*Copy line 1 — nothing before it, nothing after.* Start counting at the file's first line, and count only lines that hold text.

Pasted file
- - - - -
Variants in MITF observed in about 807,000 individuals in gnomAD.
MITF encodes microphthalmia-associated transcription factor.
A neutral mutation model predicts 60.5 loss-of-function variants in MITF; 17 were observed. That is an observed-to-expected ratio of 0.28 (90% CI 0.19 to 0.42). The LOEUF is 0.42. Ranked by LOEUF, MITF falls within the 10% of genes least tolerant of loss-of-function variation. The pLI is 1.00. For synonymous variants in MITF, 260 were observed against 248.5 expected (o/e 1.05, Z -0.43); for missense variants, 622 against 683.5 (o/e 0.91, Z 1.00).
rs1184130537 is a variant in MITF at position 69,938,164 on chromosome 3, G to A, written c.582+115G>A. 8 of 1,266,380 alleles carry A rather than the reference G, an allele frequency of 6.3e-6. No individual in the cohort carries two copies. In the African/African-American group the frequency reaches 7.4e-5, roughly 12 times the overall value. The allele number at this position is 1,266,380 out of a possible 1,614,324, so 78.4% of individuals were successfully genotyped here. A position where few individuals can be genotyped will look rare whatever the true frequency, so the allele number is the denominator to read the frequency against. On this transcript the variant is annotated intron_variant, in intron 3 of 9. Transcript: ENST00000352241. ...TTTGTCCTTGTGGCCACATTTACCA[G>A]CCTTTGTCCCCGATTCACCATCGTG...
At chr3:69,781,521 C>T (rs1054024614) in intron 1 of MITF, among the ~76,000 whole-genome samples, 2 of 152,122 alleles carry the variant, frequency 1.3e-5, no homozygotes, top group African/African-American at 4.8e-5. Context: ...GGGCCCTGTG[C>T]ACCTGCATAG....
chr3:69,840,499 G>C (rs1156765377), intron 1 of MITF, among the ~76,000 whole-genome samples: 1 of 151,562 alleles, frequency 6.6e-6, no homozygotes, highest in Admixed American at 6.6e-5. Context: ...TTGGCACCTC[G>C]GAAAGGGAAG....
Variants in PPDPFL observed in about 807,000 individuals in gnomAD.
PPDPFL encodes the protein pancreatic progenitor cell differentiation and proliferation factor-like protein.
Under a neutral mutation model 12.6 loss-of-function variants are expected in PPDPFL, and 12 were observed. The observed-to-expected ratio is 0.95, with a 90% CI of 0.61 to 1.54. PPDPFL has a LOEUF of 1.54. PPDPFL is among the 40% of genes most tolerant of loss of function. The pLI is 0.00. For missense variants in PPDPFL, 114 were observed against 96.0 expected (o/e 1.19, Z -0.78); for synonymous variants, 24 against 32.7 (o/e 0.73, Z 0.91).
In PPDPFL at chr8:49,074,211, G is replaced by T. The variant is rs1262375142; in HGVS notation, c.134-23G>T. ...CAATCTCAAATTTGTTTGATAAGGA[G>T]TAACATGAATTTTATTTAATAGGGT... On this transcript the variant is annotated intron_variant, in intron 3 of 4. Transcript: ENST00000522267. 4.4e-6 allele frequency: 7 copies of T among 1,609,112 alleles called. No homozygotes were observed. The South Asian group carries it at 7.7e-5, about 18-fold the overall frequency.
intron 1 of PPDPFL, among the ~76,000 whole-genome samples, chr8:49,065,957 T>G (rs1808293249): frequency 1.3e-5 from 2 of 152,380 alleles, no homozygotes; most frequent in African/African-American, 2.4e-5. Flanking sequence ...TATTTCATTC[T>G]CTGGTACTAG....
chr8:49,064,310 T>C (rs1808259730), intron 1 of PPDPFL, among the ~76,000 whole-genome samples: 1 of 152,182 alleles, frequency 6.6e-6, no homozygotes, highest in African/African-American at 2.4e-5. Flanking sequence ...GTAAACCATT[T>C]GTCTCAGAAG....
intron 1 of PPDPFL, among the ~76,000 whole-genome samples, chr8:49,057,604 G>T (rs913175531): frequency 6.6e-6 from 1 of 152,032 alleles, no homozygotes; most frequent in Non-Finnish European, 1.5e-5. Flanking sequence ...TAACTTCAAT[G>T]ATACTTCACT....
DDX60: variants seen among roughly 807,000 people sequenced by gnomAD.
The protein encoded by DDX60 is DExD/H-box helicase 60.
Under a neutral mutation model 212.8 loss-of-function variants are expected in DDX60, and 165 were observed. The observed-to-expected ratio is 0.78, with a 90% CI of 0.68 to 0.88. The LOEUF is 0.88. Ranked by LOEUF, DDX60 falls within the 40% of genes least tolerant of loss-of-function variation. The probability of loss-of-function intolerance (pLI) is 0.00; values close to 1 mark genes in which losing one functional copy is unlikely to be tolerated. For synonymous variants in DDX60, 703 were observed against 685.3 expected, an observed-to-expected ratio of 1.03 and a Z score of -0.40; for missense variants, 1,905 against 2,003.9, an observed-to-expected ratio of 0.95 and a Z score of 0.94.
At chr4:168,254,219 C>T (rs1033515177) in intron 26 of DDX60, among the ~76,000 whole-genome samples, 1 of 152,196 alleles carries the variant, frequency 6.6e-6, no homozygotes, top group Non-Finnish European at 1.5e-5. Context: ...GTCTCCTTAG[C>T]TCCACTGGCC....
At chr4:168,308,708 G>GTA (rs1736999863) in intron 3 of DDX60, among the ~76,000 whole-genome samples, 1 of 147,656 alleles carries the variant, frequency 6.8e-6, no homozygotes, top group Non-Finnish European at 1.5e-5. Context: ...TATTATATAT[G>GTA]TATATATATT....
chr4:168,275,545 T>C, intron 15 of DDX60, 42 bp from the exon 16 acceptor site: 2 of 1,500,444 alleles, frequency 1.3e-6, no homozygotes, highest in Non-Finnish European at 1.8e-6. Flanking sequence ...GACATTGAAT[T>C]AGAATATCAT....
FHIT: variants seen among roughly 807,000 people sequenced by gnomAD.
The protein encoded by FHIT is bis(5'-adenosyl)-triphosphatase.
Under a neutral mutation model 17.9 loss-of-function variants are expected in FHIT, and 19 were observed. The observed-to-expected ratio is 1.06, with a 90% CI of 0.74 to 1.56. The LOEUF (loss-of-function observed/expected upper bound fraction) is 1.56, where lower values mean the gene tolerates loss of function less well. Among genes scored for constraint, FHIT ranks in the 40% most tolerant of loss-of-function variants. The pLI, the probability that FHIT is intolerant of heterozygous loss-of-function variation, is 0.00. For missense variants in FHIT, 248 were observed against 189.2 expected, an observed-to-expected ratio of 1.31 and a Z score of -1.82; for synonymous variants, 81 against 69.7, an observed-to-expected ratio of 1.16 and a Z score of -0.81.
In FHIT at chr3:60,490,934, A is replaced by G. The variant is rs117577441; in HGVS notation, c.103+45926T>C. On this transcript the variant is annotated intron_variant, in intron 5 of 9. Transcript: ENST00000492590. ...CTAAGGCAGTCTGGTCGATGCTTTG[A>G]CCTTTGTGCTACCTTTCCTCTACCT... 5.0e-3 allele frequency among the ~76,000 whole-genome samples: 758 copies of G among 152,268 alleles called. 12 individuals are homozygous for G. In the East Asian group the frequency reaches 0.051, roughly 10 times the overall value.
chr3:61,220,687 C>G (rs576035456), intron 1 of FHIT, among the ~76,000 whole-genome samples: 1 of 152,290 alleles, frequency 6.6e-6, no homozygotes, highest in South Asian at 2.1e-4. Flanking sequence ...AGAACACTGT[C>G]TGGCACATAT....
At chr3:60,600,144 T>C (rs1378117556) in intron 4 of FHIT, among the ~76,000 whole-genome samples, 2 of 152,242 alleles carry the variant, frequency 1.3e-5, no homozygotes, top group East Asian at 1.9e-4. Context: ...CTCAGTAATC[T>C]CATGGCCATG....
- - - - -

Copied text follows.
Variants in MITF observed in about 807,000 individuals in gnomAD.